More than 500 first-time parents have been sleeping soundly thanks to a $9.9 million state government program that provides early intervention support to equip families with the right settling routines for babies aged six to eight weeks.
Minister for disability, ageing and carers Luke Donnellan was at the Moe Early Learning Centre on Thursday to announce the program had reached about 279 families across the Latrobe Valley since it was rolled out in September 2018.
Called What Were We Thinking, the program utilised a total of 39 specially-trained maternal and child health nurses and family support workers to deliver support to new parents.
“This is an ongoing program over four years to provide that early intervention to provide those supports to ensure we get happier families, happier children and better outcomes [in the long run] in terms of their education, their health and their development,” Mr Donnellan said.
The program was developed by Monash University and involved teaching parents the techniques of
settling and encouraging sleeping routines for newborn babies as well as understanding cues and offering practical approaches to understanding bubs.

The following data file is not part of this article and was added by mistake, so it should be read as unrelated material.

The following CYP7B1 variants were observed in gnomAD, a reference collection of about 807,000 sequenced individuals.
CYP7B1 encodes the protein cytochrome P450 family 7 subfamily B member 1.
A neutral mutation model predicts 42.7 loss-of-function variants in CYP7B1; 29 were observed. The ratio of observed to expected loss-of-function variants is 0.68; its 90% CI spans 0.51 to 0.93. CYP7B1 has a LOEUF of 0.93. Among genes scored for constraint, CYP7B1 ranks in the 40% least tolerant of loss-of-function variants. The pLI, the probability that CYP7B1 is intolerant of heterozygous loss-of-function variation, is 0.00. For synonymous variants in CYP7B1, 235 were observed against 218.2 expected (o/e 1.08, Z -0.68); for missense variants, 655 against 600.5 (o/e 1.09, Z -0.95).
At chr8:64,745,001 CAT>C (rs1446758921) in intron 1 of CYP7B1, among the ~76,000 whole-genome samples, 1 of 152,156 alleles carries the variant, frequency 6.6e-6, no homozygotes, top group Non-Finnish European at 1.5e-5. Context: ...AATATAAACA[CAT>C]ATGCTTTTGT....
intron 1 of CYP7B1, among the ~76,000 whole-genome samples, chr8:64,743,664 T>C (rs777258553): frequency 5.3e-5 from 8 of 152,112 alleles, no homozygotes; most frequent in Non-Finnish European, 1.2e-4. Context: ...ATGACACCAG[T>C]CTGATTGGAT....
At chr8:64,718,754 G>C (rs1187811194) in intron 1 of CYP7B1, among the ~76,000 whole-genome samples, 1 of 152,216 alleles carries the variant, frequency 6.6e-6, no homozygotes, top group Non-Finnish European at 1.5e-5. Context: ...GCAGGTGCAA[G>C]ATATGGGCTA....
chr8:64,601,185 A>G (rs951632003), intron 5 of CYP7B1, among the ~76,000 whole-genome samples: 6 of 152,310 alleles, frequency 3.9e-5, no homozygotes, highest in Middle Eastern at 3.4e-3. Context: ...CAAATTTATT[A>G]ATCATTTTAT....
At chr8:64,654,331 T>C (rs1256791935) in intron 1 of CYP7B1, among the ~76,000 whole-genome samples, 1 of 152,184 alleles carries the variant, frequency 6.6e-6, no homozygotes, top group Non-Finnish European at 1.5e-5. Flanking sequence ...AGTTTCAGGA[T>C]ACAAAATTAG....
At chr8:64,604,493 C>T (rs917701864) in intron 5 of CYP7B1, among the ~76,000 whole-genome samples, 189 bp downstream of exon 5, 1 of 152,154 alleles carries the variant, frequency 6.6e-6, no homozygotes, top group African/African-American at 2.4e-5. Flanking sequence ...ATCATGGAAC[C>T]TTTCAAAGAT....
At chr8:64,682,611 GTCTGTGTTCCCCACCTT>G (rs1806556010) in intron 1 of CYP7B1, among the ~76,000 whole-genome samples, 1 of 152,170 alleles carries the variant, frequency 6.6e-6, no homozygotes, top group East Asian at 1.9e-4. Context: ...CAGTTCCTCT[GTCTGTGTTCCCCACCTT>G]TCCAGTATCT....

Mr Donnellan said it was important that new parents were supported as caring for a newborn could be daunting and could result in “walking dead” parents or couples who were sleep deprived.
“If you haven’t slept it’s very difficult to be happy, to make restful decisions, to cope with those difficult things that children provide,” he said.
The program is offered free to Latrobe Valley parents and involves a 24-hour maternal child health service which can be contacted for support.
Family support worker Tracey Love said the program was run after hours where parents gather in support groups and also on a Saturday so that fathers and partners can also join sessions.
Churchill mum Jacqueline Lucas said her seven-week-old daughter Scarlette had been sleeping better since they accessed the program.